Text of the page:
Trading Glenn before that roster bonus is due on March 18th would be a good cost-saving move, especially if the concerns about his injury linger. While it would result in $9.6 million in dead cap space in 2018(resulting from the acceleration of three years of the $3.2 million portions of his pro-rated signing bonus), that’s still less than his $14.45 million cap hit, netting $4.85 million in cap space.
Releasing him outright would produce the same numbers as above, thought that would seem to not make use of his trade value. As a post-June 1 cut, Buffalo would add only $3.2 million of dead space in 2018 but add a huge chunk to their 2019 salary cap.
2018 cap hit: $14.45 million
Salary due: $9.25 million
Dead money: $9.6 million
Cap savings if traded before March : $4.85 million
Cap savings as post-June 1 release: $11.25 million
Dion Dawkins, the second of Buffalo’s round-two picks in the 2017 NFL Draft, was solid at left tackle as a rookie. While he was not as good as a healthy Glenn, the problem with Glenn has been an inability to remain on the field. Given his availability, Dawkins could be seen as being more of an asset to the team than Glenn, who carries with him considerable risk given his inability to overcome injury in the past two seasons.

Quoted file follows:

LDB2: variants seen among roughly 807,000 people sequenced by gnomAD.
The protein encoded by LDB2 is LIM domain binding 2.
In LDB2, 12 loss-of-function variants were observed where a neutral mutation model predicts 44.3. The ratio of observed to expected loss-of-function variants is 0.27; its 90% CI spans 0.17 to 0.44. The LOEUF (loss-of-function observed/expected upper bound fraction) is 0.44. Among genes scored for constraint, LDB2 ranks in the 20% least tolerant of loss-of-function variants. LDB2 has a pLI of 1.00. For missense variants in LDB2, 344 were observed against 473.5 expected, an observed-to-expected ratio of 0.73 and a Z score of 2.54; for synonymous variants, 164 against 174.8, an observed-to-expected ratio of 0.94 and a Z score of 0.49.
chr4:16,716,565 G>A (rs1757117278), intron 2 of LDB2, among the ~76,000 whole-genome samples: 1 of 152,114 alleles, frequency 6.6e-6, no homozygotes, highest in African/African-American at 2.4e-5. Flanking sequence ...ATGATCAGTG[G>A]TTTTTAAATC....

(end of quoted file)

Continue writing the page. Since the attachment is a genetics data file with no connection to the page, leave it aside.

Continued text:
Of course, the best-case scenario for Buffalo involves having both Dawkins and Glenn in the lineup together. Initially, many fans thought that Dawkins was drafted to replace Mills on the right side; injuries to Glenn in training camp forced Dawkins to begin his NFL career at his collegiate position on the left side of the offensive line. If Glenn recovers fully from his second ankle surgery, then the Bills actually have a good problem on their hands—they have two extremely talented offensive tackles who are good enough to start games at left tackle.
If the Bills choose to replace Glenn, they’ll likely look at another avenue besides free agency to fill the void. Beyond impending free agent Nate Solder of the New England Patriots, who figures to command a deal on the open market somewhere in the range of Glenn’s five-year, $60 million on a per-year basis, the free agent choices are pretty underwhelming.